At age 5, Gorman said she realized “the voice I was reading on the page and writing on the page was the voice I really wanted for myself.” Over time, that voice has grown and garnered attention around the globe. “I did a lot of sitting back and thinking about what I wanted for myself and what I wanted for my country: more unity, more support for the arts and more opportunities for young writers from marginalized groups,” says Gorman. Her 2014 poem “Neighborhood Anthem” addresses themes of inequality and injustice. “In the Eye Of”, a poem she wrote for “Weathering Change,” an artistic response to climate change. In her 2017 poem “In This Place: An American Lyric,” a poem inspired by this political, social, economic, and even environmental climate,” says Gorman. Her work continues to reflect her commitment to pressing social concerns of her nation. A nation which, in her own words, is made of poems that dwell in every person and place.
Creative inspirations include Tracy K. Smith, the ’94 Pulitzer Prize winner and the 52nd poet laureate Maya Angelou, whom she calls her “spirit grandmother and queen”. As a poet in the digital age, she hopes to recondition the medium into an art form that is as “less dusty and archaic” and feels more accessible to her readers. She hopes to strike a conversational tone, one that “feels very personal, very intimate, and just coincidentally happens to have poetic properties”.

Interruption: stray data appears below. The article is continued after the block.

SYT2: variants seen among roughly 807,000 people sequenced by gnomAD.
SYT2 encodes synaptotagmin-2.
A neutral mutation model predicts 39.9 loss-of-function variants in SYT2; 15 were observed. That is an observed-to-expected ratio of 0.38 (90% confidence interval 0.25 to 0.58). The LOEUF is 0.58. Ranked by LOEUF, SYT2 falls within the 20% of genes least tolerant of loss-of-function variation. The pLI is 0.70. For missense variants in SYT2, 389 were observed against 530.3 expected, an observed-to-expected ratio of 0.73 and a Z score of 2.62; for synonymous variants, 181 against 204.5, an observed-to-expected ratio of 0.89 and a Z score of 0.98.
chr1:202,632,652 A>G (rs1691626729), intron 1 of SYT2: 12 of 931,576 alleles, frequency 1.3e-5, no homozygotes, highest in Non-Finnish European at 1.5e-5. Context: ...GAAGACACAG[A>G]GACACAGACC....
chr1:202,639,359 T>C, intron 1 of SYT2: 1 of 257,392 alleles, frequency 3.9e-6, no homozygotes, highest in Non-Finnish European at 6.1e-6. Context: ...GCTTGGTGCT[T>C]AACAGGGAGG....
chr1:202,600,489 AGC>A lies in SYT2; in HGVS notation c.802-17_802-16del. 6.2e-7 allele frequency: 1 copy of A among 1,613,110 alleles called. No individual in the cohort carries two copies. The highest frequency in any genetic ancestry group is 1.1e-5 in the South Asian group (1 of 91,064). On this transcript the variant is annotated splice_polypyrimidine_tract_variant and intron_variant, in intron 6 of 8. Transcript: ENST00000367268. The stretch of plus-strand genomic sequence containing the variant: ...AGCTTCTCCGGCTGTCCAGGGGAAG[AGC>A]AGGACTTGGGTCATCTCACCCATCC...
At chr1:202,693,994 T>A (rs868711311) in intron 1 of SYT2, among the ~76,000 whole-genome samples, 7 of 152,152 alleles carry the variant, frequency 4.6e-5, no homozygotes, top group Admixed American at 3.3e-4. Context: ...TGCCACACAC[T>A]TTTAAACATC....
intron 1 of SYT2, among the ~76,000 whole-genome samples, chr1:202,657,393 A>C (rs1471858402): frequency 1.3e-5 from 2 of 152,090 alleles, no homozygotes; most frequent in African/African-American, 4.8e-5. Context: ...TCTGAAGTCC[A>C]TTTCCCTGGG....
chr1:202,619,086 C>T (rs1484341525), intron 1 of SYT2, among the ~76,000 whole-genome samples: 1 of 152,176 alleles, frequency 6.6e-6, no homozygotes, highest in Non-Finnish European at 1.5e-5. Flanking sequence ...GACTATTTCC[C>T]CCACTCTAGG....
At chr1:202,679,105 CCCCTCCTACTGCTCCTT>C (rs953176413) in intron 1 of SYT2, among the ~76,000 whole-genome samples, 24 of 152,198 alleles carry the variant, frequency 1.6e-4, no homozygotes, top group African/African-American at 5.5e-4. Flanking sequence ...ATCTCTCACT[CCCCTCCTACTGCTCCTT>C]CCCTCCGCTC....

Although she is used to performing her poetry in a traditional arena, Gorman is now working to integrate music, dance and spoken-word into her pieces. In 2018 she opened The Women in the World Summit with a special performance alongside choreographer Sherrie Silver at Lincoln Center. The artist hopes her future work will continue to bridge the divide between these mediums showing she is not bound to a single line of expression, while at the same time, challenging the expectations put on her. “I’m always trying to remind people that I’m so much more than just a poet,” she asserts. “I haven’t even been a poet a long time in this short life that I’ve lived.” 

“Through poetry I can speak to both the world’s problems and it’s solutions, as well as the microcosms of conflict inside myself” –says Gorman.


While taking on this more interdisciplinary approach, Gorman says she’s currently trying to touch on deeper personal experiences through her work. “When I think about what I’m most afraid to write about it’s about me and my life,” she says. “For a long time I’ve put up a wall around that so I’m trying to dig into it.” Now, after a few years in the spotlight, where her focus was situated on a greater society, she is now exploring her poetry as a means to explore the so-called “imperfect” pieces of herself and navigate the intersectional of her identity. “There’s a lot of things that make up the shape of who we are and rather than trying to change those parts, I’m just trying to invite them in and write them down.”